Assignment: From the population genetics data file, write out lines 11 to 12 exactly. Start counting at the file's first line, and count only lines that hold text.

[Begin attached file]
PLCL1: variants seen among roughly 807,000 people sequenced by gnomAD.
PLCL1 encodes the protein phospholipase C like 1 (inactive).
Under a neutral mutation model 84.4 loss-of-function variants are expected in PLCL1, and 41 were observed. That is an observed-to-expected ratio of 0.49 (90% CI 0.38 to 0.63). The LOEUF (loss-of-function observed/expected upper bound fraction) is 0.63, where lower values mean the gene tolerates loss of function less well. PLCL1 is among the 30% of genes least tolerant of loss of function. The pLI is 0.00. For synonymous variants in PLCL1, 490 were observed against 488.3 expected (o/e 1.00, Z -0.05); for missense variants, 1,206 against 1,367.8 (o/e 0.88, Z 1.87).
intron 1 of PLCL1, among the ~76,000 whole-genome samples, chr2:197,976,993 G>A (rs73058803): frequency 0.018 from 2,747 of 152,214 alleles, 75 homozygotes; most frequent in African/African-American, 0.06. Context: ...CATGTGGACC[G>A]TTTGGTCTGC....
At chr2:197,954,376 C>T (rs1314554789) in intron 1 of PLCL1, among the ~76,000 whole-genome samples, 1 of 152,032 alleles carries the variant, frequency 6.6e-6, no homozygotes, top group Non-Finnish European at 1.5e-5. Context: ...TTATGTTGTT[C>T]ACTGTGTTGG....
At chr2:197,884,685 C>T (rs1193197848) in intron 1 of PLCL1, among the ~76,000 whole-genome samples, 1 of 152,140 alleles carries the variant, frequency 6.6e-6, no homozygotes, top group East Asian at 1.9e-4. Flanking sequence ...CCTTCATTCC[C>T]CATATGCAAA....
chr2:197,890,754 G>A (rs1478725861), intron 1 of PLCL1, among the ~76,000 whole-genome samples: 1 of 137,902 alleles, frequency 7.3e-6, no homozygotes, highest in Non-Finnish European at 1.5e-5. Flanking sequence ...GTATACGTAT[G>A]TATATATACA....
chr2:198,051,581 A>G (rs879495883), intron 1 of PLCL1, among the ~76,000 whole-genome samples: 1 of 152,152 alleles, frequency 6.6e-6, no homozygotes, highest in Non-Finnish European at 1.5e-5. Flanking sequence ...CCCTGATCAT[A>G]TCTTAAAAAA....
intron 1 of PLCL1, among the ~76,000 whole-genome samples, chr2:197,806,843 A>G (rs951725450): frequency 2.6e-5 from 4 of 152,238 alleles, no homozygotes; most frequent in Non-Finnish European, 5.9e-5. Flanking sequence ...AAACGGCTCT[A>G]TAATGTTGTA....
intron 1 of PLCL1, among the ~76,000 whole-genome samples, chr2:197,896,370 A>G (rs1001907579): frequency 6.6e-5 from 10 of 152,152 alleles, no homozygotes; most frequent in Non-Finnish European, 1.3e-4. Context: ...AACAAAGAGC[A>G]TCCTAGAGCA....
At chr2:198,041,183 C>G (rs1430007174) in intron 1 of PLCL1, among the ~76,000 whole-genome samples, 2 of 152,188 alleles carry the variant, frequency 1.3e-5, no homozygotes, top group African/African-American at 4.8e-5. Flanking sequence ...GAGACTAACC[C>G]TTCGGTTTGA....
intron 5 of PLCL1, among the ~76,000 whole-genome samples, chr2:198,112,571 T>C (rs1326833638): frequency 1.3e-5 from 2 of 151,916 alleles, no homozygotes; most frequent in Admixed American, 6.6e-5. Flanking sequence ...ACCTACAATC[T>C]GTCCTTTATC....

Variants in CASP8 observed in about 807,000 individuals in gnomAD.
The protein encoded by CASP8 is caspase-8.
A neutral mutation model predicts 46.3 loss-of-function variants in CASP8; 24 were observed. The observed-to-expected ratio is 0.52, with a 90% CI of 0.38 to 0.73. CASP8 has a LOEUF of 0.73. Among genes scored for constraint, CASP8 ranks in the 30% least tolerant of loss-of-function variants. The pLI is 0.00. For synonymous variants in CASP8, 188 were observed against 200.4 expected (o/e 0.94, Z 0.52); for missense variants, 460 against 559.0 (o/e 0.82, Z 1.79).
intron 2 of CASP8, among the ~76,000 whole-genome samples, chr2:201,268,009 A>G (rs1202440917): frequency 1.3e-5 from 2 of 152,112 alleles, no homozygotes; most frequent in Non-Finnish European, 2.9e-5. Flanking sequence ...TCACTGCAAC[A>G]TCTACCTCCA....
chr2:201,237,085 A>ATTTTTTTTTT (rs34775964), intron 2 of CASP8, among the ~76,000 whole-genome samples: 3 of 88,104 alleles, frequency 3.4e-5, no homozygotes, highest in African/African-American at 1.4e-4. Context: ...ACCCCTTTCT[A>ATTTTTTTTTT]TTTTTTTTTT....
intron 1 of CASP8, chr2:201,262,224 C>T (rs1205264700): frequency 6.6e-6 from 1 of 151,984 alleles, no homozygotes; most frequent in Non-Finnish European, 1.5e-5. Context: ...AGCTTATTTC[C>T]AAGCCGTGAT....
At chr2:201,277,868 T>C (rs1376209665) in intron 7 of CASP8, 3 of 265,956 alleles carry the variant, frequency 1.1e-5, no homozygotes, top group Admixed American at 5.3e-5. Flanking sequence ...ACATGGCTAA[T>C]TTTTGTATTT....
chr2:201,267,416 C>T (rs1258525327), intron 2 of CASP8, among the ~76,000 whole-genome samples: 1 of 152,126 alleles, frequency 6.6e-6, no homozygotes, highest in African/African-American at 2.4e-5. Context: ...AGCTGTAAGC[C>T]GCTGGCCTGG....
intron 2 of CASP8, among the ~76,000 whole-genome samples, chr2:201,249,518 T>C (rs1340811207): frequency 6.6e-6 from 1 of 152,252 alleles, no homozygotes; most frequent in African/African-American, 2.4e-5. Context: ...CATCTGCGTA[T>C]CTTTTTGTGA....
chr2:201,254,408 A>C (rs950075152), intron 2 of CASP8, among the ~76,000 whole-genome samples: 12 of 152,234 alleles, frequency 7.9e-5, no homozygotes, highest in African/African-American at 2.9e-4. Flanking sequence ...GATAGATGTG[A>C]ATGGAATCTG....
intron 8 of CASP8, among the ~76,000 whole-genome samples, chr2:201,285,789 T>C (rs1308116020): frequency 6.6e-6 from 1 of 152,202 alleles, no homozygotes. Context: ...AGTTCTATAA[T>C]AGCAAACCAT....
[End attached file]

At chr2:198,041,183 C>G (rs1430007174) in intron 1 of PLCL1, among the ~76,000 whole-genome samples, 2 of 152,188 alleles carry the variant, frequency 1.3e-5, no homozygotes, top group African/African-American at 4.8e-5. Flanking sequence ...GAGACTAACC[C>G]TTCGGTTTGA....
intron 5 of PLCL1, among the ~76,000 whole-genome samples, chr2:198,112,571 T>C (rs1326833638): frequency 1.3e-5 from 2 of 151,916 alleles, no homozygotes; most frequent in Admixed American, 6.6e-5. Flanking sequence ...ACCTACAATC[T>C]GTCCTTTATC....